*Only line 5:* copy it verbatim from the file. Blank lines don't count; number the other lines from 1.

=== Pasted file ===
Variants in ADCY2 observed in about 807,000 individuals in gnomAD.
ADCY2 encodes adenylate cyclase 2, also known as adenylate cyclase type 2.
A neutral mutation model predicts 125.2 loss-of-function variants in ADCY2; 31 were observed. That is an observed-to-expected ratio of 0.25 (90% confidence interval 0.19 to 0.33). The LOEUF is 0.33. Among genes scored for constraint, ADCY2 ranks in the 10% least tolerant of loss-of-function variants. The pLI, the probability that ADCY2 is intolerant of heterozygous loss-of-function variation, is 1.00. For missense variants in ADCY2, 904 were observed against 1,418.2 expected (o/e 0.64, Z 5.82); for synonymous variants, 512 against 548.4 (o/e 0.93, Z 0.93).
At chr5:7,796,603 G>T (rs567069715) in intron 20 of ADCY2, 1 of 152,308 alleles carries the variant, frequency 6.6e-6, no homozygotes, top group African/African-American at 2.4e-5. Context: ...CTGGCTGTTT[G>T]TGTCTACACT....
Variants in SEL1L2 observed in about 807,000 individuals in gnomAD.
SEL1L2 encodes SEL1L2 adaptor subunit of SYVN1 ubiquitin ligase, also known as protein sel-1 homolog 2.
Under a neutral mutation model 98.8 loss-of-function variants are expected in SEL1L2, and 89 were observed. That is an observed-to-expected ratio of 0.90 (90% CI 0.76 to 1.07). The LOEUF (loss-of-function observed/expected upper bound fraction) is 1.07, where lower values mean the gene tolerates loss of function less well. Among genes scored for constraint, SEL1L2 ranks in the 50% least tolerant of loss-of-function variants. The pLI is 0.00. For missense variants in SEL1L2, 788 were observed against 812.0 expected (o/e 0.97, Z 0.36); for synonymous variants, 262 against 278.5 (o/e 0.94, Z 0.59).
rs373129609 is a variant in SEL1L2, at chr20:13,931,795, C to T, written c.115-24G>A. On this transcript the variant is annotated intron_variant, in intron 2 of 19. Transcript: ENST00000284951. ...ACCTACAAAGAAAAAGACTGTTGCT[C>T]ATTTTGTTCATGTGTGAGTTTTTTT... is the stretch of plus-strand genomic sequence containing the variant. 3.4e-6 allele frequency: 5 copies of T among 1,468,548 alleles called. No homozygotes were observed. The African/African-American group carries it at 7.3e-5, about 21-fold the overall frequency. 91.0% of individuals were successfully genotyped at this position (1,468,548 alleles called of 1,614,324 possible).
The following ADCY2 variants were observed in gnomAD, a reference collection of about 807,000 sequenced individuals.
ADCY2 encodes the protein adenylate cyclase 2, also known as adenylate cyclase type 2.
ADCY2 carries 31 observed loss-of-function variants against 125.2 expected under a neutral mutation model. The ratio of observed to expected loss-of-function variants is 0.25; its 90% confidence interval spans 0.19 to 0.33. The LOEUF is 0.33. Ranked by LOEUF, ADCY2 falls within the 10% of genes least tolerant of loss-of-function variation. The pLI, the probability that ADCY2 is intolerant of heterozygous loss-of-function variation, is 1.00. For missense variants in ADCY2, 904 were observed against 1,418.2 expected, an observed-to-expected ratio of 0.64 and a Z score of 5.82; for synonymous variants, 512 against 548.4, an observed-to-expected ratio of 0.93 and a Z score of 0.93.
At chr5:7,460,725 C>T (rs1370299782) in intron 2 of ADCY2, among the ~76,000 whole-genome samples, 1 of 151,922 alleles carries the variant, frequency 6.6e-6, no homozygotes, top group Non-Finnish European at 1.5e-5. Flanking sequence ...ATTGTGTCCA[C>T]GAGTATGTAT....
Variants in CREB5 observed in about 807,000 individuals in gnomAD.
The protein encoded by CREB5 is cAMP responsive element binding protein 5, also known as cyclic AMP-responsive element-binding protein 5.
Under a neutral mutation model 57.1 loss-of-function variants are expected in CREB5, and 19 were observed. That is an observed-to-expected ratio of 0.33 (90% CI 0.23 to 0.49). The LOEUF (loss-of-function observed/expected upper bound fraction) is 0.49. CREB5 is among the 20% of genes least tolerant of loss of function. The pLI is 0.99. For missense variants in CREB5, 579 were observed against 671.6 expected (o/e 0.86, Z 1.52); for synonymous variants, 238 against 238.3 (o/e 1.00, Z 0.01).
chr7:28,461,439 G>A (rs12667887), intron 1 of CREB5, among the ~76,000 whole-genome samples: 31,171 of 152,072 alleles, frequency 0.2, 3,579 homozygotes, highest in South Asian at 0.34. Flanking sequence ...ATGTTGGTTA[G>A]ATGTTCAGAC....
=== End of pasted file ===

Variants in SEL1L2 observed in about 807,000 individuals in gnomAD.